To examine cerebral oxygenation and perfusion in small for gestational age (SGA) compared with appropriate for gestational age (AGA) neonates during the first postnatal week, and to investigate any association with neurodevelopmental outcomes at 24–36 months of age.
A prospective matched case-control study was conducted evaluating cerebral oxygenation and perfusion, using near-infrared spectroscopy (NIRS), between SGA and AGA neonates, during the first postnatal week. A neurodevelopmental assessment with Bayley-III was performed at 24–36 months of age.
Forty-eight SGA and 48 AGA neonates of similar gestation (32.8 ± 2.1 vs. 32.5 ± 1.9) were enrolled. On the first postnatal day, the cerebral oxygenation was equal between SGA and AGA neonates (71 ± 7% vs. 72 ± 8%); however, in the subgroup analysis, males had higher oxygenation compared to female SGA neonates (73 ± 7% vs. 69 ± 7%, P = 0.04). Cerebral perfusion was significantly higher in SGA neonates on the first postnatal day (1.4 ± 0.6 vs. 1.1 ± 0.5, P = 0.04), but this difference was diminished on subsequent measurements. There were no significant differences between the SGA and AGA infants regarding the composite cognitive, communication and motor index scores. The length of mechanical ventilation and late-onset sepsis were significant risk factors affecting the cognitive and communication composite index scores, respectively.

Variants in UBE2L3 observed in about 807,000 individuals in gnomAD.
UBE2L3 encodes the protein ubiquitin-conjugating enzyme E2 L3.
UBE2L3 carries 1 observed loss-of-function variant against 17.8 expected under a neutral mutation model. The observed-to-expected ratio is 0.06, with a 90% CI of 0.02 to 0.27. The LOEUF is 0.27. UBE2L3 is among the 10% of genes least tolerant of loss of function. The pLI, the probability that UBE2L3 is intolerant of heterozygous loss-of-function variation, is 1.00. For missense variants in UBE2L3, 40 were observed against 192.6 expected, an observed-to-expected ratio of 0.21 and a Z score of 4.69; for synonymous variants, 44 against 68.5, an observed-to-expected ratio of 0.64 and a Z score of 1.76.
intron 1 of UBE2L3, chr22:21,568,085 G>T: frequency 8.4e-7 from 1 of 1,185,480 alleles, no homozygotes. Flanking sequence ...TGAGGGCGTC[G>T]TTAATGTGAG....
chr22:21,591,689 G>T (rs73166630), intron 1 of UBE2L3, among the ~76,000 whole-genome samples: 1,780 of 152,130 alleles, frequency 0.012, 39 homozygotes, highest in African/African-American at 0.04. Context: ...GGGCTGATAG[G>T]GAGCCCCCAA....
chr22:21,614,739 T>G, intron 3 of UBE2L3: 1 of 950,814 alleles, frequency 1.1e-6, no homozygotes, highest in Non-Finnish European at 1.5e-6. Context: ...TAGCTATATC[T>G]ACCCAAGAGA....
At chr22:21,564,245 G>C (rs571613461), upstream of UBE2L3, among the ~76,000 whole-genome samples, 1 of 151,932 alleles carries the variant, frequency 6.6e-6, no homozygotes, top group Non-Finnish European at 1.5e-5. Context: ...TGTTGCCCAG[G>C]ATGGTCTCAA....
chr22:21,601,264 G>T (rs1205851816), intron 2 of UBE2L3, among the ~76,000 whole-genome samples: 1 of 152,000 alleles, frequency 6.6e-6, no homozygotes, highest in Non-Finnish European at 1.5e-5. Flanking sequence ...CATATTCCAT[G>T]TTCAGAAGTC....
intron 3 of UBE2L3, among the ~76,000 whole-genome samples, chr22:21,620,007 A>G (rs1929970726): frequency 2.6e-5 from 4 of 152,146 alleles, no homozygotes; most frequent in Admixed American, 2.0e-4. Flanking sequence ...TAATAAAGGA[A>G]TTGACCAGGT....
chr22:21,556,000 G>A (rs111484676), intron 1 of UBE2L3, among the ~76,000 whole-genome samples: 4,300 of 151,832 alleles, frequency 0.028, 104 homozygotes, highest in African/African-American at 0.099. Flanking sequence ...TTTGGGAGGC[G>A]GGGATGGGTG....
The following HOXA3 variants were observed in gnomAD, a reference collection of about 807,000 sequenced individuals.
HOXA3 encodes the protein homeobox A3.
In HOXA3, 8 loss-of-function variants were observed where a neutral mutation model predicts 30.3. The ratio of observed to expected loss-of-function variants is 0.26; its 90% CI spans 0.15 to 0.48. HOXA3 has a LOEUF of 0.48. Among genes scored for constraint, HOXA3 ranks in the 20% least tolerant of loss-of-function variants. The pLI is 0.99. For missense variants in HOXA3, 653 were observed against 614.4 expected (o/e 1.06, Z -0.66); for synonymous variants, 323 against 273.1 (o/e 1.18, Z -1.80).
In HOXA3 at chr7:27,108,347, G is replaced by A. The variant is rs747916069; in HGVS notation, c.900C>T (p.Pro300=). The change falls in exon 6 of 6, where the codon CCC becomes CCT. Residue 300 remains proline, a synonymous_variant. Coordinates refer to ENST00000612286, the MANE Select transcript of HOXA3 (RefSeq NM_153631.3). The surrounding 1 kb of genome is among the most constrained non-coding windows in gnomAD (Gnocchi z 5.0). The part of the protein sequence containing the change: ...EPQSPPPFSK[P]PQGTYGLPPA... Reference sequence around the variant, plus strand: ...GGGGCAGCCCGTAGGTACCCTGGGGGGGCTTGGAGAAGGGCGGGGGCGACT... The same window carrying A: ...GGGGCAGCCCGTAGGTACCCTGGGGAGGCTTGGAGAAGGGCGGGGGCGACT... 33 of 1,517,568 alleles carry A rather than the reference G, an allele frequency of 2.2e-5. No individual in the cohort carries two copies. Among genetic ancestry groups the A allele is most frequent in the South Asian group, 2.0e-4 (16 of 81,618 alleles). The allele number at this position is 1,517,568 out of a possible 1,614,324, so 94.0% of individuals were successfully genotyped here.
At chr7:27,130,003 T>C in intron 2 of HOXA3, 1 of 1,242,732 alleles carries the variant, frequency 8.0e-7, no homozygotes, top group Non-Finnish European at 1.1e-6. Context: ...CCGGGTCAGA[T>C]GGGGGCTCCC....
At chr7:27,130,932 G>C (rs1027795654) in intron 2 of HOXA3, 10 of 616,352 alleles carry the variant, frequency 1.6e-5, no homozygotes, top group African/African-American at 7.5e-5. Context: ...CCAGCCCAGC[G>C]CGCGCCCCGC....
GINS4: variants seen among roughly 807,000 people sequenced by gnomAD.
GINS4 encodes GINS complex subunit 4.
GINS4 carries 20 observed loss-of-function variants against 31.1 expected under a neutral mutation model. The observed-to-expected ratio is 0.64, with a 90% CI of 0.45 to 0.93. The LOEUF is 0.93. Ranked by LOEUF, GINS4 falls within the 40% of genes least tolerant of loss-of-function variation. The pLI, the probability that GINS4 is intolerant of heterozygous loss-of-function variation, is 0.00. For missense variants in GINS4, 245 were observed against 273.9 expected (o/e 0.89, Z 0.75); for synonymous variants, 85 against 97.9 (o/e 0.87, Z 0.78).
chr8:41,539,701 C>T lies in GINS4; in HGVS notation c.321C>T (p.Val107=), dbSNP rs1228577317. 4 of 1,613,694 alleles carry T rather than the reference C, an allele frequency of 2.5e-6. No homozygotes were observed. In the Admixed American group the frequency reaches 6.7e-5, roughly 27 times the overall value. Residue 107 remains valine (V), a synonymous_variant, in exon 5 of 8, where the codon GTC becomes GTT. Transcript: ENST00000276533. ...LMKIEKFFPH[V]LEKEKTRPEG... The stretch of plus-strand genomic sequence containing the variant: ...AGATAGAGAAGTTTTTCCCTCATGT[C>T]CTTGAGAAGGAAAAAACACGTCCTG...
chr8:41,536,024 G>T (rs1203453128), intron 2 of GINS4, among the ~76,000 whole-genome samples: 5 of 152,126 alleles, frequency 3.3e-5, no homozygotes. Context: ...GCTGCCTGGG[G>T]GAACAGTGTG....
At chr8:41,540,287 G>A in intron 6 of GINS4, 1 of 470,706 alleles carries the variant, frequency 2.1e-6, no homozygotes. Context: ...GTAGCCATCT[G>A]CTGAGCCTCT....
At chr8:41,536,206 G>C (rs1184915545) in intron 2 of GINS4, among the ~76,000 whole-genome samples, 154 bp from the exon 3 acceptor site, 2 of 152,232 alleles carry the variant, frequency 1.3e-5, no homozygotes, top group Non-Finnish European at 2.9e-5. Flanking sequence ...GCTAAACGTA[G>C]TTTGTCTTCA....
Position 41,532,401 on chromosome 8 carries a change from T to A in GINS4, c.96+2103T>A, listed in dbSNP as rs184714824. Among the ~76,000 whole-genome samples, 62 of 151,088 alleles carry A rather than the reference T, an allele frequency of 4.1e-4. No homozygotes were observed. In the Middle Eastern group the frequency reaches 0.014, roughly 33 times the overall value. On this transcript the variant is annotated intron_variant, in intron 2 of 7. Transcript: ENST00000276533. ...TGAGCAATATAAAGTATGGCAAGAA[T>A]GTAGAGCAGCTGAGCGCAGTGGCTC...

Cerebral oxygenation was equal between SGA and AGA neonates, while cerebral perfusion was transiently increased in SGA neonates during the first postnatal day. There was no significant association of cerebral oxygenation and perfusion with neurodevelopmental outcomes.
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The Journal of Perinatal Medicine is a truly international forum covering the entire field of perinatal medicine. It is an essential news source for all those obstetricians, neonatologists, perinatologists and allied health professionals who wish to keep abreast of progress in perinatal and related research.
01 Jan 1973
Eduardo Bancalari, Joseph Chappelle, Frank A. Chervenak, Vincenzo D'Addario, Mehmet R. Genc, Anne Greenough, Amos Grunebaum, Justin C. Konje, Asim Kurjak M.D., Roberto Romero and Ivica Zalud, MD PhD